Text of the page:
In a year, the first heating plants in Serbia could switch to using biomass as fuel. A favorable loan of EUR 100 mil for eight local self-governances in Serbia was provided by the German development bank, KfW. It is only necessary that Zrenjanin, Negotin, Bajina Basta, Trstenik, Sabac, Priboj, Cacak and Jagodina decide whether they want safe and cheaper heating.
The Pre-feasibility Study within the "Promotion of renewable energies – biomass market development in Serbia” project , which defined heating plants in Serbia which have an option to move from heavy oil, coal and gas to biomass in the next four years, will be completed in late February.
As Aleksandar Macura, an independent energy consultant said for our portal, for majority of municipalities comprised within this pre-feasibility study, pre-feasibility studies have already been done through USAID support. It is the document named "Prefeasibility assessment of biomass district heating applications in Serbia" prepared by the International Resources Group (IRG), and where our collocutor participated in development of one out of 4 sub-studies with respect to heat distribution developed management.
- It is not clear why the studies were done again although both KfW and municipalities were aware of the existence of previous documents. There are many local self-governances which could switch to biomass. The number is most likely higher than 30. However, it is necessary to see for every self-governance whether there is a better solution, first of all when it comes to waste heat consumption or some other low temperature source – Macura says for eKapija.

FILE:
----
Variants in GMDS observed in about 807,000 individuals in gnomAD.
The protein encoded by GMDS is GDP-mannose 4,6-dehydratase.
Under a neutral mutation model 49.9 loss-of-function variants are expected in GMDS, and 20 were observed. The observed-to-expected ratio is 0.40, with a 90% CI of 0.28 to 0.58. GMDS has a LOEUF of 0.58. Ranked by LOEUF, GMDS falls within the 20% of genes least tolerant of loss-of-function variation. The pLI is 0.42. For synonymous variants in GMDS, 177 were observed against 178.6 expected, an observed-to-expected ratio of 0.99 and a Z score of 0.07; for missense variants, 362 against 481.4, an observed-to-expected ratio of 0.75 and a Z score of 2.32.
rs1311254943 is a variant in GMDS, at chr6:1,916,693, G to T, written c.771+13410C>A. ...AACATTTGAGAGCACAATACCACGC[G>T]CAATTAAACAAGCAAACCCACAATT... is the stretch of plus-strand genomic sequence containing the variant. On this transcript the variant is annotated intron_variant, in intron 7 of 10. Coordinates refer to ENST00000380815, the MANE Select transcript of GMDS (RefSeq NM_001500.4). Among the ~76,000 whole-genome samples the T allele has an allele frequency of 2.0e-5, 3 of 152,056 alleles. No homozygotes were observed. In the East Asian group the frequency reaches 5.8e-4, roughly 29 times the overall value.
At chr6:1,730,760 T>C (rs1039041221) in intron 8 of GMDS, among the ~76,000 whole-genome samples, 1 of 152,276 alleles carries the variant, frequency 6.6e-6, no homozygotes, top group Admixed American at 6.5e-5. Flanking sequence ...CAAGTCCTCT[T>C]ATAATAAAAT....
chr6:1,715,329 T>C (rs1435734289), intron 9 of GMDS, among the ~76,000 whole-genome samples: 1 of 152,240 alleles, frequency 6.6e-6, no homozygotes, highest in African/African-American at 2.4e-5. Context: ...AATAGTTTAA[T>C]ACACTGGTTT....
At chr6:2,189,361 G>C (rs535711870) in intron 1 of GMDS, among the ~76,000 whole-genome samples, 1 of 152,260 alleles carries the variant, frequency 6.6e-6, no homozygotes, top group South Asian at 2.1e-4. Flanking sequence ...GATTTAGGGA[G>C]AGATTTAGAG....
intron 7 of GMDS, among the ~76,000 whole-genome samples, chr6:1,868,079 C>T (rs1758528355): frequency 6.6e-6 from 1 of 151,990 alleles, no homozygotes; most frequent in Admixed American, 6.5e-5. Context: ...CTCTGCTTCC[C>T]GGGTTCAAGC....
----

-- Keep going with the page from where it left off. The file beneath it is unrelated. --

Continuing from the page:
Decision of local self-governances
Petar Vasiljevic says that parliamentarian elections will not affect project implementation but investment amount since local self-governances will not find it easy to become indebted.
- The limitating factor is the investment amount, when municipalities see they should loan EUR 10 or 20, they will not find it easy. However, the loan provided by the German government is very favorable, with a grace period of two years, depending on construction period. For the period of feed in fee usage, payment will be with a minimal interest rate of 2-3%. This kind of a credit line cannot be easily found. Pre-study defines investment return period. – Vaisljevic explains.
Apart from funds, Aleksandar Macura sees other problems for our towns and municipalities to move to biomass heating as well.
- The USAID project developed a business model as well which takes transformation into account as well. I deeply believe, which was confirmed by diverse research results, that in current organization, local self-governance- public company, cannot reach sustainable transition in any direction. Apart from technology, other knowledge is required as well in order to carry out this switch. A commercial investor will not invest in this kind of an environment and different investment will not bring a sustainable development. Privatization is not necessary - our collocutor explains.